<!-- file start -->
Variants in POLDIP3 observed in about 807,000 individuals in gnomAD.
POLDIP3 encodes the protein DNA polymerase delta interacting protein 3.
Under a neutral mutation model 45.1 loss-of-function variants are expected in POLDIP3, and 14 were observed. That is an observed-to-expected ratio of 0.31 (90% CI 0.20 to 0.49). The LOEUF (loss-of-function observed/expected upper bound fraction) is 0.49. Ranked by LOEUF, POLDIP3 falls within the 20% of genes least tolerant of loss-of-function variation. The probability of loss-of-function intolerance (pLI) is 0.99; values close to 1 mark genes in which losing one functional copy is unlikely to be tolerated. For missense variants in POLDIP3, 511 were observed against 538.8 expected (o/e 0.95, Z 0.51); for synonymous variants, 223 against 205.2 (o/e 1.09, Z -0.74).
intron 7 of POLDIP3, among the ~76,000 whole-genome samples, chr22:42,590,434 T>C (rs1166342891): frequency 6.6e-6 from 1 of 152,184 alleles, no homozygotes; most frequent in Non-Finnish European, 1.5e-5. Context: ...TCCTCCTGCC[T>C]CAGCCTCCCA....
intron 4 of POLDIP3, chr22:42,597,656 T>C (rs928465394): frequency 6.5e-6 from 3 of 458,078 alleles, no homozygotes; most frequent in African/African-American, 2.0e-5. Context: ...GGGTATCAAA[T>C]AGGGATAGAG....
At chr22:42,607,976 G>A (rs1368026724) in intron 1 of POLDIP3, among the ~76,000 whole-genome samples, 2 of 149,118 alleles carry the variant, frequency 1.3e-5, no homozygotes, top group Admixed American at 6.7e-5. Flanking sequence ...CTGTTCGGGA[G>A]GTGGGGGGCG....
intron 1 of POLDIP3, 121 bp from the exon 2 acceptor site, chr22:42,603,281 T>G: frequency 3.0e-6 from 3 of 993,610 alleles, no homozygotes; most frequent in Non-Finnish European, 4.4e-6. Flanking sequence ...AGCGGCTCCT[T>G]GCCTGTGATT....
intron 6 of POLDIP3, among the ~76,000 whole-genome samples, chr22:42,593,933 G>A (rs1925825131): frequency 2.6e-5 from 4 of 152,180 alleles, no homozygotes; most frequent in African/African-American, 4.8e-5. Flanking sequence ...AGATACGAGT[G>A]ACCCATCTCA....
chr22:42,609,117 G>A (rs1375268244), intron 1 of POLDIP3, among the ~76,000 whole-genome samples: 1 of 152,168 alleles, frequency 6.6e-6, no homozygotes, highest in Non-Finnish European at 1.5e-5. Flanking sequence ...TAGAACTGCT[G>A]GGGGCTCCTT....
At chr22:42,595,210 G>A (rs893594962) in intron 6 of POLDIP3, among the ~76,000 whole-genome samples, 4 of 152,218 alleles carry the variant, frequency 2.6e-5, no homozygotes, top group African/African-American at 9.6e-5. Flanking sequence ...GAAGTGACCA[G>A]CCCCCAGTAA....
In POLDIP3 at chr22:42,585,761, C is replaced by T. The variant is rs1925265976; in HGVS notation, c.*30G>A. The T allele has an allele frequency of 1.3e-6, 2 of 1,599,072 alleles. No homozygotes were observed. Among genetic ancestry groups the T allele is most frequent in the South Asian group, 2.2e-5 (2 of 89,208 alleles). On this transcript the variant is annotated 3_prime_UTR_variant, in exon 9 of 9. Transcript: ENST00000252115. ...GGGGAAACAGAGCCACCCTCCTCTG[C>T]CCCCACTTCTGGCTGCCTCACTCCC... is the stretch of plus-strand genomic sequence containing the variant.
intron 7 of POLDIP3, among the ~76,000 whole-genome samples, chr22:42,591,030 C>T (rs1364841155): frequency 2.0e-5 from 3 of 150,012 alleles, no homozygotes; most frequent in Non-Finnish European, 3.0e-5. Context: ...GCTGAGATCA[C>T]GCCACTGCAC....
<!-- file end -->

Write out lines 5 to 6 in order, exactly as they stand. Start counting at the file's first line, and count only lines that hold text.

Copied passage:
intron 4 of POLDIP3, chr22:42,597,656 T>C (rs928465394): frequency 6.5e-6 from 3 of 458,078 alleles, no homozygotes; most frequent in African/African-American, 2.0e-5. Context: ...GGGTATCAAA[T>C]AGGGATAGAG....
At chr22:42,607,976 G>A (rs1368026724) in intron 1 of POLDIP3, among the ~76,000 whole-genome samples, 2 of 149,118 alleles carry the variant, frequency 1.3e-5, no homozygotes, top group Admixed American at 6.7e-5. Flanking sequence ...CTGTTCGGGA[G>A]GTGGGGGGCG....